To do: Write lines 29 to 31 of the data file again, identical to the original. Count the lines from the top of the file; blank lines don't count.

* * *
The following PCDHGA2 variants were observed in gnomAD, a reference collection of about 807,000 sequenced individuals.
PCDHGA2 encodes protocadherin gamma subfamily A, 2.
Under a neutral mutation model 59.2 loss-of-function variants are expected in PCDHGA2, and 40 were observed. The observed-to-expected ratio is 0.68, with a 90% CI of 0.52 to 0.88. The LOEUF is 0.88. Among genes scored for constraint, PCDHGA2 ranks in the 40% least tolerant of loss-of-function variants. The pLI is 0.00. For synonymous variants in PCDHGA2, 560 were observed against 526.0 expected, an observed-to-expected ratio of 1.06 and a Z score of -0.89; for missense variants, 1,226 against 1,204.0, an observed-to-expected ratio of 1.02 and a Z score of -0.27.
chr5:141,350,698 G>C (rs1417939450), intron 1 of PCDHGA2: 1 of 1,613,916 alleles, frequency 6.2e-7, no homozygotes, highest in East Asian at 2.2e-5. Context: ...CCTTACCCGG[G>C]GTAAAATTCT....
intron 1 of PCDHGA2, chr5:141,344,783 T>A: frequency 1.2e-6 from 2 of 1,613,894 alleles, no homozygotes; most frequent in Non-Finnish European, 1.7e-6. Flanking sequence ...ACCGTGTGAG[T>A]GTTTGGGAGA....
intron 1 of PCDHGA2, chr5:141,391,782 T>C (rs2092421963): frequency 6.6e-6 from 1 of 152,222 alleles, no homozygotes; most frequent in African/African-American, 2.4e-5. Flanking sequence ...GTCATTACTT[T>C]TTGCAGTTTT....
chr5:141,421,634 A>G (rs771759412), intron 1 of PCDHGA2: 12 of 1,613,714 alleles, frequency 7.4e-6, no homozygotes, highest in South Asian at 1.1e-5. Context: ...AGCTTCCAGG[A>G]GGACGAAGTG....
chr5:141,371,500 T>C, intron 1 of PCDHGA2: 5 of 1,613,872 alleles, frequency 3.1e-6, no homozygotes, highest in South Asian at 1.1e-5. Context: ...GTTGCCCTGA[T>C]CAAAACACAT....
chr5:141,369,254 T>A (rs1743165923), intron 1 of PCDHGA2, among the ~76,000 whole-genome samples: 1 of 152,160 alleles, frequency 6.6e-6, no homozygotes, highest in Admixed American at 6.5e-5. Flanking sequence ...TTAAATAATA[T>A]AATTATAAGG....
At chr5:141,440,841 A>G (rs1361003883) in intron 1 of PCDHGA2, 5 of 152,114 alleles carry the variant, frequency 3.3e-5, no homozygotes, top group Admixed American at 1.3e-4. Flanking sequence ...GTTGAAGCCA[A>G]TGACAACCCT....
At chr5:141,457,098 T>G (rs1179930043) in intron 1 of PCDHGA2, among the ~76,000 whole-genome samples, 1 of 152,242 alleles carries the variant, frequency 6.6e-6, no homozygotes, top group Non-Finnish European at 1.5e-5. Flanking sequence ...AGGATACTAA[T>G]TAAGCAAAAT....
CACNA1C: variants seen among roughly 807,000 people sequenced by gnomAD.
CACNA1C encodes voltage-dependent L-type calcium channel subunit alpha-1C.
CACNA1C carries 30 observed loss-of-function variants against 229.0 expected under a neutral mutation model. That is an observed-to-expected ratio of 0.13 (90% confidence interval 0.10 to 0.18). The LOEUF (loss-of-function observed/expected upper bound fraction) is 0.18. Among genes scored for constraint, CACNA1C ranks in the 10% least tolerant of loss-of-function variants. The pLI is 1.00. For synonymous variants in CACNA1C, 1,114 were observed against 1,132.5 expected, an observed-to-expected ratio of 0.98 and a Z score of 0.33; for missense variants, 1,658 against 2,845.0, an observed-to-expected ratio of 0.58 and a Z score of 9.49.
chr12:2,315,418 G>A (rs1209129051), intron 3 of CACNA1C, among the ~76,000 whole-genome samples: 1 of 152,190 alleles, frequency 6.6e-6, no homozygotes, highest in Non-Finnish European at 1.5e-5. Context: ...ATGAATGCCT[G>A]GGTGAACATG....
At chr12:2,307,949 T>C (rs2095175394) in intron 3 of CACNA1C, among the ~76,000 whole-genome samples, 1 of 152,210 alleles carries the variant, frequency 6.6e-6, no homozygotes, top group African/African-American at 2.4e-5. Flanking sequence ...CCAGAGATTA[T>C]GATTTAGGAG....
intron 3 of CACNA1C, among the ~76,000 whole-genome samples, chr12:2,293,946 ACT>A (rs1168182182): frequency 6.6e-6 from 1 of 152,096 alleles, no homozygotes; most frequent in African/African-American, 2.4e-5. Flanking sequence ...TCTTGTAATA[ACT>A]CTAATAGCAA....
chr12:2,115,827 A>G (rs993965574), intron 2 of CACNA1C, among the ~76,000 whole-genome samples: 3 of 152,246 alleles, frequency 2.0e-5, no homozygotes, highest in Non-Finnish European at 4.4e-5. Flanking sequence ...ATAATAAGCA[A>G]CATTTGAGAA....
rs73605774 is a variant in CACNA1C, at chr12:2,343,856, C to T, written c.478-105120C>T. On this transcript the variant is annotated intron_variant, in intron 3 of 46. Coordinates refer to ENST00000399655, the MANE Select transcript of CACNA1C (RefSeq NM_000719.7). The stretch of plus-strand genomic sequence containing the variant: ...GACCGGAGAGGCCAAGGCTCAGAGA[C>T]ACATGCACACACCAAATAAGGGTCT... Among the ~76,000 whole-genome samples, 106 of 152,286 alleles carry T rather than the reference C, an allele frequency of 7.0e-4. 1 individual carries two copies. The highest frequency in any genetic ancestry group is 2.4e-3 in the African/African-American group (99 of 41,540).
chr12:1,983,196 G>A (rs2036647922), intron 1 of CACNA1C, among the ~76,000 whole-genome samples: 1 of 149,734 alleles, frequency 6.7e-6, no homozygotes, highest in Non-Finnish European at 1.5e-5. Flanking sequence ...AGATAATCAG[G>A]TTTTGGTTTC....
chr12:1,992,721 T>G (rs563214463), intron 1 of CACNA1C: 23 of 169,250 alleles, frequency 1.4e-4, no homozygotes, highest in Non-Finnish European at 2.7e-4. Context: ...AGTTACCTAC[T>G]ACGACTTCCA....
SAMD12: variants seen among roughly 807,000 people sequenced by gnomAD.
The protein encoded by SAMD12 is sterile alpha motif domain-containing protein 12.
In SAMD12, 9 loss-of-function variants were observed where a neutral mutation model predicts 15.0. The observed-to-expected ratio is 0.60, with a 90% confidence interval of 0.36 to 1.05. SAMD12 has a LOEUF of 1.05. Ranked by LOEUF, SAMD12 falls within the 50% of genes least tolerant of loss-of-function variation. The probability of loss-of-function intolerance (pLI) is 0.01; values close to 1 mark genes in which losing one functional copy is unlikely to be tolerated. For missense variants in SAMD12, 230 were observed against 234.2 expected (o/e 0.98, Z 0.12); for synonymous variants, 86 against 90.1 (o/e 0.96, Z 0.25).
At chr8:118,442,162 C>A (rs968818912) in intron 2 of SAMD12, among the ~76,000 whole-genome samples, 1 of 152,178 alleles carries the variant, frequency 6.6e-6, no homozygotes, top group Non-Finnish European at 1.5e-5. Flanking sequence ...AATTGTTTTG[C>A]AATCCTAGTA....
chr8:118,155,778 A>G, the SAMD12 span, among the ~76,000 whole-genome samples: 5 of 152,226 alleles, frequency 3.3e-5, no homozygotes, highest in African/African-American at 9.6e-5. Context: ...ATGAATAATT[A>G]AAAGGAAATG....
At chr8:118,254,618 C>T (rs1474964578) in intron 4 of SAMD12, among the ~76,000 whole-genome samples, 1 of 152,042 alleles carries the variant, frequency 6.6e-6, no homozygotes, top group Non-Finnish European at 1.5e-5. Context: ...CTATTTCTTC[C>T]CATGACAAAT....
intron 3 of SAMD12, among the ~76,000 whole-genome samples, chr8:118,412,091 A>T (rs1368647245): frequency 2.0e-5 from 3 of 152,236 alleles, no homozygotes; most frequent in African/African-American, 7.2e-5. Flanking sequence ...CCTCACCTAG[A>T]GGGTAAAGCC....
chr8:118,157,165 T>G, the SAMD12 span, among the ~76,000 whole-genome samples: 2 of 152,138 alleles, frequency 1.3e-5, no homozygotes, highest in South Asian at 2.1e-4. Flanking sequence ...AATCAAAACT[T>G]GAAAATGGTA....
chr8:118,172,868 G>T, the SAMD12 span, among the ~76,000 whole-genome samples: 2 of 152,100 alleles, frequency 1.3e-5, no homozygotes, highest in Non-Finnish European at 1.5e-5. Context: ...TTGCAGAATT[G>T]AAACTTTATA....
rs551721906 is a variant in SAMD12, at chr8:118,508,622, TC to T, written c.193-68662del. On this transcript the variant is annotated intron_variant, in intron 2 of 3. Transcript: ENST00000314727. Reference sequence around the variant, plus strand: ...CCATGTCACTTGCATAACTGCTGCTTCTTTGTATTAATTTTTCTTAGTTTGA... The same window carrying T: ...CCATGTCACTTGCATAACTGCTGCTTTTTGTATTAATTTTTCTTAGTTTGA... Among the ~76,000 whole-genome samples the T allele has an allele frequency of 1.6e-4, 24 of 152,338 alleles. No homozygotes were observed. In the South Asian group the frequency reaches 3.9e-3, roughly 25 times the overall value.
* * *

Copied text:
chr8:118,157,165 T>G, the SAMD12 span, among the ~76,000 whole-genome samples: 2 of 152,138 alleles, frequency 1.3e-5, no homozygotes, highest in South Asian at 2.1e-4. Flanking sequence ...AATCAAAACT[T>G]GAAAATGGTA....
chr8:118,172,868 G>T, the SAMD12 span, among the ~76,000 whole-genome samples: 2 of 152,100 alleles, frequency 1.3e-5, no homozygotes, highest in Non-Finnish European at 1.5e-5. Context: ...TTGCAGAATT[G>T]AAACTTTATA....
rs551721906 is a variant in SAMD12, at chr8:118,508,622, TC to T, written c.193-68662del. On this transcript the variant is annotated intron_variant, in intron 2 of 3. Transcript: ENST00000314727. Reference sequence around the variant, plus strand: ...CCATGTCACTTGCATAACTGCTGCTTCTTTGTATTAATTTTTCTTAGTTTGA... The same window carrying T: ...CCATGTCACTTGCATAACTGCTGCTTTTTGTATTAATTTTTCTTAGTTTGA... Among the ~76,000 whole-genome samples the T allele has an allele frequency of 1.6e-4, 24 of 152,338 alleles. No homozygotes were observed. In the South Asian group the frequency reaches 3.9e-3, roughly 25 times the overall value.